Phillies

The final game at Veterans Stadium was The Best Game I Ever Saw Live

The final game at Veterans Stadium was The Best Game I Ever Saw Live

September 28, 2003.

It was the final game of the regular season. It would be the 10th consecutive season the Phillies would not have a Red October. The Braves beat the Phillies 5-2. None of that mattered. 

For me and 58,000-plus other fans in attendance, it was one final time walking up those winding ramps at Veterans Stadium sporting our Phillies gear. It would be the last time at the Vet I would hear a vendor yell "Hey! Hot dog here!"  

So much nostalgia for me on that day. Memories of my parents taking me to Sunday home games and sitting in the 500 level on a hot steamy summer day. We got wiser as years went on and sat in the shade down in the 300 level.  

As I got older, I remember taking the free ticket coupons from the Phillies' franks packages to the ticket window so I could sit in the 700 level for a weeknight game against the Expos.

It was so surreal on that cloudy fall Sunday in 2003 as ceremony after ceremony went on throughout the game. From then-manager Larry Bowa, along with 1980 World Champion manager Dallas Green, bringing out the lineup card, to seeing Harry Kalas change the Vet countdown on the outfield wall from one to zero, and then the walk down memory lane seeing the likes of Schmidt, Carlton and McGraw make one last trek on that infamous Vet turf.  

However, there is a moment that stands out to me that had nothing to do with the festivities on the field. It was late in the game. Most fans were just hanging around waiting for the postgame ceremony. Then all of the sudden, a roar erupts inside Veterans Stadium. You see, the Phillies game was played on an Eagles Sunday and a large percentage of fans, me included, were locked in on their walkmans listening to Eagles radio broadcasting legend Merrill Reese call the action. I remember vividly Merrill in typical Merrill fashion screaming, "20, 10, 5, touchdown" as Brian Westbrook ripped off a 62-yard touchdown with just over 2 minutes left in the 4th quarter to help seal a 23-13 victory in Buffalo. Fans are hugging and high fiving each other.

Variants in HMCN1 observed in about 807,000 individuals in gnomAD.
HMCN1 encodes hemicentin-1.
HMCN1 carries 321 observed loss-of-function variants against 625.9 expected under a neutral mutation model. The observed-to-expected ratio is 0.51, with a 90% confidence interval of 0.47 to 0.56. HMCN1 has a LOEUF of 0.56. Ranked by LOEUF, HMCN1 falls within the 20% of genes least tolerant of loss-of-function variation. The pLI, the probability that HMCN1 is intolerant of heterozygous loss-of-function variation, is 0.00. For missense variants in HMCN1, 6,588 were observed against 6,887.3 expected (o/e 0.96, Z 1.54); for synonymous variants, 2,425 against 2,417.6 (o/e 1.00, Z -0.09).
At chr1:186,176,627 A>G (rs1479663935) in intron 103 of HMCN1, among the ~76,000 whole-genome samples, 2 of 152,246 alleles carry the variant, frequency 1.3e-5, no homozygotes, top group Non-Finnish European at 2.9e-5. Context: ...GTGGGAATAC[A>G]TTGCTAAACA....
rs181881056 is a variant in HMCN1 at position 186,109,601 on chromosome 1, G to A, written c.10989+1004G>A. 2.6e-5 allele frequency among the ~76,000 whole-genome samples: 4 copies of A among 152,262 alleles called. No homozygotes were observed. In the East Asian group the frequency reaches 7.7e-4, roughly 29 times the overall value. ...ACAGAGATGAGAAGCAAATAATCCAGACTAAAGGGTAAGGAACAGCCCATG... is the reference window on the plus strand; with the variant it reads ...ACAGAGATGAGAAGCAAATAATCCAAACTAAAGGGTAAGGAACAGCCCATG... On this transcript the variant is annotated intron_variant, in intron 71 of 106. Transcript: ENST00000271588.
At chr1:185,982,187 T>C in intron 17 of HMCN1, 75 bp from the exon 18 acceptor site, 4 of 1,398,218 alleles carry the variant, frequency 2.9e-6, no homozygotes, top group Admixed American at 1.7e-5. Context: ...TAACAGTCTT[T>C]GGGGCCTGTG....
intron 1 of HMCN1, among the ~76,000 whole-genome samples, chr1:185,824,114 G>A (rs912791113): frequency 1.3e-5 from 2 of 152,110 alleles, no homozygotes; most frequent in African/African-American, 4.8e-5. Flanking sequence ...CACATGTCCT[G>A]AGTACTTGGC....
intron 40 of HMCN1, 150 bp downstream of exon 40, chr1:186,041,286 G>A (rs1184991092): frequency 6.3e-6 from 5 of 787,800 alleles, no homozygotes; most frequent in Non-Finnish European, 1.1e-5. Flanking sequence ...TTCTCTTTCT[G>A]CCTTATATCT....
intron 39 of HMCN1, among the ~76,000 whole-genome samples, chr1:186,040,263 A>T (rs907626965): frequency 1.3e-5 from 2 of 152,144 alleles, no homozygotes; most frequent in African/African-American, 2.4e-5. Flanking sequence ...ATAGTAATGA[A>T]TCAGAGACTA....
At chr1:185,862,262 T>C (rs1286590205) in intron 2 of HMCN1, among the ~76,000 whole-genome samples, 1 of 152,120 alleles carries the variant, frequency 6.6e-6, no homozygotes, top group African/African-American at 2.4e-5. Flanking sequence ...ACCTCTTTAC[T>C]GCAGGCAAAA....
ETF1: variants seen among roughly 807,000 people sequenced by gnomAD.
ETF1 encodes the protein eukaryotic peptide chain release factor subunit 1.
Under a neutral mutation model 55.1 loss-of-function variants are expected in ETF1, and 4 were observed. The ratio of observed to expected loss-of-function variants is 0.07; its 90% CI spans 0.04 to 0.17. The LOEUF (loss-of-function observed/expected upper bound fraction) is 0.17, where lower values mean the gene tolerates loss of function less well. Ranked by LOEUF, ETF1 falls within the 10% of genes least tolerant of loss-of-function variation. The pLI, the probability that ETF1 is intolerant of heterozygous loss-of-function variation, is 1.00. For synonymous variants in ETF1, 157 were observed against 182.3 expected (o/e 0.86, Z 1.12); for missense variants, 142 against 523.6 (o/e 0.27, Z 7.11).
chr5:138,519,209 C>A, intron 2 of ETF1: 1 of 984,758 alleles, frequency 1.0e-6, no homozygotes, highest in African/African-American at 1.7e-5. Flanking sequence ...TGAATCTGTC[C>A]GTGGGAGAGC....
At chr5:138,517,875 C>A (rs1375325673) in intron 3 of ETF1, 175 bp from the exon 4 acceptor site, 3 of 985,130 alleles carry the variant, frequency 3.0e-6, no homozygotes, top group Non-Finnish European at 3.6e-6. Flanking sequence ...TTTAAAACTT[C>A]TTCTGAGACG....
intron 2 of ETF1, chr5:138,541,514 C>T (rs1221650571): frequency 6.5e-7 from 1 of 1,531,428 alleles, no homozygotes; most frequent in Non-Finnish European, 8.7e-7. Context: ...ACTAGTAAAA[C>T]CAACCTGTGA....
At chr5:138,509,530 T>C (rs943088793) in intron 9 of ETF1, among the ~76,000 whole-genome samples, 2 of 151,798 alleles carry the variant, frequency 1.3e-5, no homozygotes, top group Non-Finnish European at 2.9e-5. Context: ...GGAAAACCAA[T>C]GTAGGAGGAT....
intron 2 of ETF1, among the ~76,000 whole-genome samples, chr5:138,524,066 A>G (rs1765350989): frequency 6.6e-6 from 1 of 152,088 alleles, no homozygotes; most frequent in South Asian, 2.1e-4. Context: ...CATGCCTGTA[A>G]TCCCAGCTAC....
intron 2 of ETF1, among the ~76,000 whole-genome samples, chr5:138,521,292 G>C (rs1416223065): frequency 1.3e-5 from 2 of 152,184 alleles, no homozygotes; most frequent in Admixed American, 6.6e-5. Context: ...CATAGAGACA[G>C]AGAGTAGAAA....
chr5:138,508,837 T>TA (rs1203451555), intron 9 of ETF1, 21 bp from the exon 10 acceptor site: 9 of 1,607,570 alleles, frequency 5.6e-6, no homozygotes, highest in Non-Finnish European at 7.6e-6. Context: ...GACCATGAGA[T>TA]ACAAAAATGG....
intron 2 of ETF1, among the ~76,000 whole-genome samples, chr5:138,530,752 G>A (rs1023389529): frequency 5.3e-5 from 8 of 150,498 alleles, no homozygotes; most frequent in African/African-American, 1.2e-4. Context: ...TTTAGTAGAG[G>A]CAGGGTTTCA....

The roar was so loud the play on the field briefly paused as the players on the field looked up to see what was causing the commotion. Chants of E-A-G-L-E-S rang throughout the bowl.  

It isn't at all the greatest game in Philadelphia sports. It was just one of those moments that's always stuck with me. The Phillies and Eagles called the Vet home. And on this final day of baseball, they made one more Vet memory for me.

Subscribe and rate Phillies Talk:
Apple Podcasts / Google Play / Spotify / Stitcher / Art19 / YouTube

More on the Phillies

Only 3 teams gained more value than Phillies from 2019 to 2020

Only 3 teams gained more value than Phillies from 2019 to 2020

The valuation of the Phillies franchise is up to $2 billion, according to Forbes. It’s an 8 percent increase from last year.